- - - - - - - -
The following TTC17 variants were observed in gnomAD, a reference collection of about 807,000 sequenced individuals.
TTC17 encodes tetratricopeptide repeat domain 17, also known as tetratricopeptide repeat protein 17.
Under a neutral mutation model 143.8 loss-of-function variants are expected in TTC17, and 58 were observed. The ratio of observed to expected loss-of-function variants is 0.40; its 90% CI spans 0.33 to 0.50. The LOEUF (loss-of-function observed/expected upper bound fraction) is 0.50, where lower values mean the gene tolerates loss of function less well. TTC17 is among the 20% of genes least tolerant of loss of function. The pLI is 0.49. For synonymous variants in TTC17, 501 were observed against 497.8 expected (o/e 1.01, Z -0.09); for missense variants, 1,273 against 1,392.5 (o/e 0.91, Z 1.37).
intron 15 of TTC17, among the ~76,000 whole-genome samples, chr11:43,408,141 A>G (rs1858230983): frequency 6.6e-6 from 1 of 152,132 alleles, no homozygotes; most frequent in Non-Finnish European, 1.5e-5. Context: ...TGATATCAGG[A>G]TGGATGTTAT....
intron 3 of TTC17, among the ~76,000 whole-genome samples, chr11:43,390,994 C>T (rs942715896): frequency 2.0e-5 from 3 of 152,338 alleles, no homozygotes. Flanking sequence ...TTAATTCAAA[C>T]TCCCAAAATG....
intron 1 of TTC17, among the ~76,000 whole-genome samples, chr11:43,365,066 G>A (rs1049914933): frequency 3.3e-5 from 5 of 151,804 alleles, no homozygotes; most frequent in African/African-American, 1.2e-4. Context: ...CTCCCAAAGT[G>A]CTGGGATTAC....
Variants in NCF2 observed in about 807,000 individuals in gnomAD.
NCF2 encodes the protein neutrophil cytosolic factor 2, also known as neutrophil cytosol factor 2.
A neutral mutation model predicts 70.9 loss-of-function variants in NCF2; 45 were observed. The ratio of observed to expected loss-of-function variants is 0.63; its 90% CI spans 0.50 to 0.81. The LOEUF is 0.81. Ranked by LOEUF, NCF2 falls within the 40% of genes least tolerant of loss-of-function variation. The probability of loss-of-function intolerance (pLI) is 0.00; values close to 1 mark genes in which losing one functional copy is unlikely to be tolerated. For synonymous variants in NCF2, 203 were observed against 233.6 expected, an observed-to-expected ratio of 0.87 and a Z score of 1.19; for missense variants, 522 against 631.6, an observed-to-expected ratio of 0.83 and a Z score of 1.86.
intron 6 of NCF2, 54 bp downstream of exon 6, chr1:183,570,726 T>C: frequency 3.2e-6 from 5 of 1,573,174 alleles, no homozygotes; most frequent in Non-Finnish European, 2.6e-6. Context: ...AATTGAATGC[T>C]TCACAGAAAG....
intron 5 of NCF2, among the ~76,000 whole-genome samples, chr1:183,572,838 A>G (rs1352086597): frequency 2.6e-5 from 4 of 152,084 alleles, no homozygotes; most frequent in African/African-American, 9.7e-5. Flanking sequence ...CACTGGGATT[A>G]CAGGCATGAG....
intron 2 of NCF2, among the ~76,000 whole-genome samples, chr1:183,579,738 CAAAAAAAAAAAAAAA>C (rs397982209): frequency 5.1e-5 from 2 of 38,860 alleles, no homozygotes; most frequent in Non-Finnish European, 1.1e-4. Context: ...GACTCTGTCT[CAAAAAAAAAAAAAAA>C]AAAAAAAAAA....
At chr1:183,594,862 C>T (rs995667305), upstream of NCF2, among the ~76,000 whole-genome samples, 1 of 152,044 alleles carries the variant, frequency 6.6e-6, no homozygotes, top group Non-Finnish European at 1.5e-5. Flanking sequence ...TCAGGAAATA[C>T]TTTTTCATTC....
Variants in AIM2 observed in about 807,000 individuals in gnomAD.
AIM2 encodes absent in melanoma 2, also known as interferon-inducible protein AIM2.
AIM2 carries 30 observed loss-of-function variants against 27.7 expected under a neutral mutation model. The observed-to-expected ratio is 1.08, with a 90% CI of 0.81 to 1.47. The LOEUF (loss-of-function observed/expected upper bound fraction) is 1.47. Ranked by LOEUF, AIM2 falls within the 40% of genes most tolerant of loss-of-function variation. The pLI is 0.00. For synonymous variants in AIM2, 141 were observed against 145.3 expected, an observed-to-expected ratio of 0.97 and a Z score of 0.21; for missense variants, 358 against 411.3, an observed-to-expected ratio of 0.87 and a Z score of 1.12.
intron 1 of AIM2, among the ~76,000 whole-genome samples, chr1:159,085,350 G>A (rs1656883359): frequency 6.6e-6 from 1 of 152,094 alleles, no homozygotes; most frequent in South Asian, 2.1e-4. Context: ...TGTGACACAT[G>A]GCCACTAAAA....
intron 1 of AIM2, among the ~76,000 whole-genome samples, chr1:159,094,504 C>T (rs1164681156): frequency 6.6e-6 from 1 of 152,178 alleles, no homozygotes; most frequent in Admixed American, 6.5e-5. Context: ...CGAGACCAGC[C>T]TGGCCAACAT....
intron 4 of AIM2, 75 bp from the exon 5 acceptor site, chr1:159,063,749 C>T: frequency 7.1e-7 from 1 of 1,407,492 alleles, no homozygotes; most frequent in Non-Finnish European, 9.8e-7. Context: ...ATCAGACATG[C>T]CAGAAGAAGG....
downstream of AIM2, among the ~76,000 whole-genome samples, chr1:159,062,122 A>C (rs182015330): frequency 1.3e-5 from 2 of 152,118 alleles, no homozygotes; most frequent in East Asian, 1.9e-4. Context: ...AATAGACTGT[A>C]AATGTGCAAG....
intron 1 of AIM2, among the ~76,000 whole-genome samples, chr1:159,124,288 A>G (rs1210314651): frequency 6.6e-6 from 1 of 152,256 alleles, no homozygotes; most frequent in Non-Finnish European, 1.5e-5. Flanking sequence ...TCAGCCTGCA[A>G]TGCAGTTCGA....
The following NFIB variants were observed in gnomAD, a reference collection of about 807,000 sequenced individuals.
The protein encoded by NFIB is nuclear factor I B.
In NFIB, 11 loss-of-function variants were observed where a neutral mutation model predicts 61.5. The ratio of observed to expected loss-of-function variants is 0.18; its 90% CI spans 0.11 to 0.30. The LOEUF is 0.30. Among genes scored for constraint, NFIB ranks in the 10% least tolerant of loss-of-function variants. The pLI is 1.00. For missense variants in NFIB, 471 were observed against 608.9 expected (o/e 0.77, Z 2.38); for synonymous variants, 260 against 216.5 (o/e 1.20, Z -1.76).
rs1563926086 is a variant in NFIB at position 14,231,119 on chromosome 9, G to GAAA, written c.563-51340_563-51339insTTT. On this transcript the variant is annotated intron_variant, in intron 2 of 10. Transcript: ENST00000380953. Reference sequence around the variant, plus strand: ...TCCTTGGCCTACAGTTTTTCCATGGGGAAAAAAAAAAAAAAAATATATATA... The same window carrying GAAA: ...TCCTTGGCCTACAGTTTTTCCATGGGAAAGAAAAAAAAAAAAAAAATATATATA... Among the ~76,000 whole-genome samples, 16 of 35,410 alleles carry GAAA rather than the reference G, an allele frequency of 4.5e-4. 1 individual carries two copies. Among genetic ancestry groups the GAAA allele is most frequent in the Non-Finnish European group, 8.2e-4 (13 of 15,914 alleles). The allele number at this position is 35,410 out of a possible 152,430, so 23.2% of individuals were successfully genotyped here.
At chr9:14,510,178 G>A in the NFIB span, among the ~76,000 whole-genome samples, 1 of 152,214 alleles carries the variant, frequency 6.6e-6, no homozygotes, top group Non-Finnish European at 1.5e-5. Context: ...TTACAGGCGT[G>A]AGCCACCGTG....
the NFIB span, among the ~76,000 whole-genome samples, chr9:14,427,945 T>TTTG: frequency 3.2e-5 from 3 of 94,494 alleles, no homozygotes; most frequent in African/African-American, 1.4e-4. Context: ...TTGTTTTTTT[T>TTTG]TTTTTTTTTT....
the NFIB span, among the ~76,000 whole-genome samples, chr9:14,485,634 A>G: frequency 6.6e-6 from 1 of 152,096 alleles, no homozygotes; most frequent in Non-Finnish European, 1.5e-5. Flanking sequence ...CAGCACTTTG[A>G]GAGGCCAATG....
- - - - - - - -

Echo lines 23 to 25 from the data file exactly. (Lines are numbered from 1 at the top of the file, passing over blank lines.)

The protein encoded by NFIB is nuclear factor I B.
In NFIB, 11 loss-of-function variants were observed where a neutral mutation model predicts 61.5. The ratio of observed to expected loss-of-function variants is 0.18; its 90% CI spans 0.11 to 0.30. The LOEUF is 0.30. Among genes scored for constraint, NFIB ranks in the 10% least tolerant of loss-of-function variants. The pLI is 1.00. For missense variants in NFIB, 471 were observed against 608.9 expected (o/e 0.77, Z 2.38); for synonymous variants, 260 against 216.5 (o/e 1.20, Z -1.76).
rs1563926086 is a variant in NFIB at position 14,231,119 on chromosome 9, G to GAAA, written c.563-51340_563-51339insTTT. On this transcript the variant is annotated intron_variant, in intron 2 of 10. Transcript: ENST00000380953. Reference sequence around the variant, plus strand: ...TCCTTGGCCTACAGTTTTTCCATGGGGAAAAAAAAAAAAAAAATATATATA... The same window carrying GAAA: ...TCCTTGGCCTACAGTTTTTCCATGGGAAAGAAAAAAAAAAAAAAAATATATATA... Among the ~76,000 whole-genome samples, 16 of 35,410 alleles carry GAAA rather than the reference G, an allele frequency of 4.5e-4. 1 individual carries two copies. Among genetic ancestry groups the GAAA allele is most frequent in the Non-Finnish European group, 8.2e-4 (13 of 15,914 alleles). The allele number at this position is 35,410 out of a possible 152,430, so 23.2% of individuals were successfully genotyped here.